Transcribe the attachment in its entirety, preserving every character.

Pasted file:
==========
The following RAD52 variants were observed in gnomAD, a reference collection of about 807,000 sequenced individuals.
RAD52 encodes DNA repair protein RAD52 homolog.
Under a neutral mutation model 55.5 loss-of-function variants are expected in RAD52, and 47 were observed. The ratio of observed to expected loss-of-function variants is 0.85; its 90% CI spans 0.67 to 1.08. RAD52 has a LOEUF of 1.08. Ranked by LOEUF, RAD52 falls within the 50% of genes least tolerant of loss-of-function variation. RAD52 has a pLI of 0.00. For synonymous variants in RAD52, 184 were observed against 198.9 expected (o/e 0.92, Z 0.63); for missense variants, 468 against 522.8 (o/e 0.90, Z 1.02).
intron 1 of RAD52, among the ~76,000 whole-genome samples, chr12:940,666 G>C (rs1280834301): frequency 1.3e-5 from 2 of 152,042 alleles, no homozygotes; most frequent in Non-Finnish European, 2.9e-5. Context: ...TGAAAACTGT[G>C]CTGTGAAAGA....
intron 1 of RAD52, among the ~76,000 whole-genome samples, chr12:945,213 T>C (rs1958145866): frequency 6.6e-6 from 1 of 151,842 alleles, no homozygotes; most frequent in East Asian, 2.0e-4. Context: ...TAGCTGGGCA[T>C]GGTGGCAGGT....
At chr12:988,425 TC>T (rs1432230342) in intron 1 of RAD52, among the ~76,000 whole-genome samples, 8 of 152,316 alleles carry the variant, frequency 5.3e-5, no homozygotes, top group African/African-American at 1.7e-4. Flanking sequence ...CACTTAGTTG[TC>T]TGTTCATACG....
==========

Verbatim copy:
The following RAD52 variants were observed in gnomAD, a reference collection of about 807,000 sequenced individuals.
RAD52 encodes DNA repair protein RAD52 homolog.
Under a neutral mutation model 55.5 loss-of-function variants are expected in RAD52, and 47 were observed. The ratio of observed to expected loss-of-function variants is 0.85; its 90% CI spans 0.67 to 1.08. RAD52 has a LOEUF of 1.08. Ranked by LOEUF, RAD52 falls within the 50% of genes least tolerant of loss-of-function variation. RAD52 has a pLI of 0.00. For synonymous variants in RAD52, 184 were observed against 198.9 expected (o/e 0.92, Z 0.63); for missense variants, 468 against 522.8 (o/e 0.90, Z 1.02).
intron 1 of RAD52, among the ~76,000 whole-genome samples, chr12:940,666 G>C (rs1280834301): frequency 1.3e-5 from 2 of 152,042 alleles, no homozygotes; most frequent in Non-Finnish European, 2.9e-5. Context: ...TGAAAACTGT[G>C]CTGTGAAAGA....
intron 1 of RAD52, among the ~76,000 whole-genome samples, chr12:945,213 T>C (rs1958145866): frequency 6.6e-6 from 1 of 151,842 alleles, no homozygotes; most frequent in East Asian, 2.0e-4. Context: ...TAGCTGGGCA[T>C]GGTGGCAGGT....
At chr12:988,425 TC>T (rs1432230342) in intron 1 of RAD52, among the ~76,000 whole-genome samples, 8 of 152,316 alleles carry the variant, frequency 5.3e-5, no homozygotes, top group African/African-American at 1.7e-4. Flanking sequence ...CACTTAGTTG[TC>T]TGTTCATACG....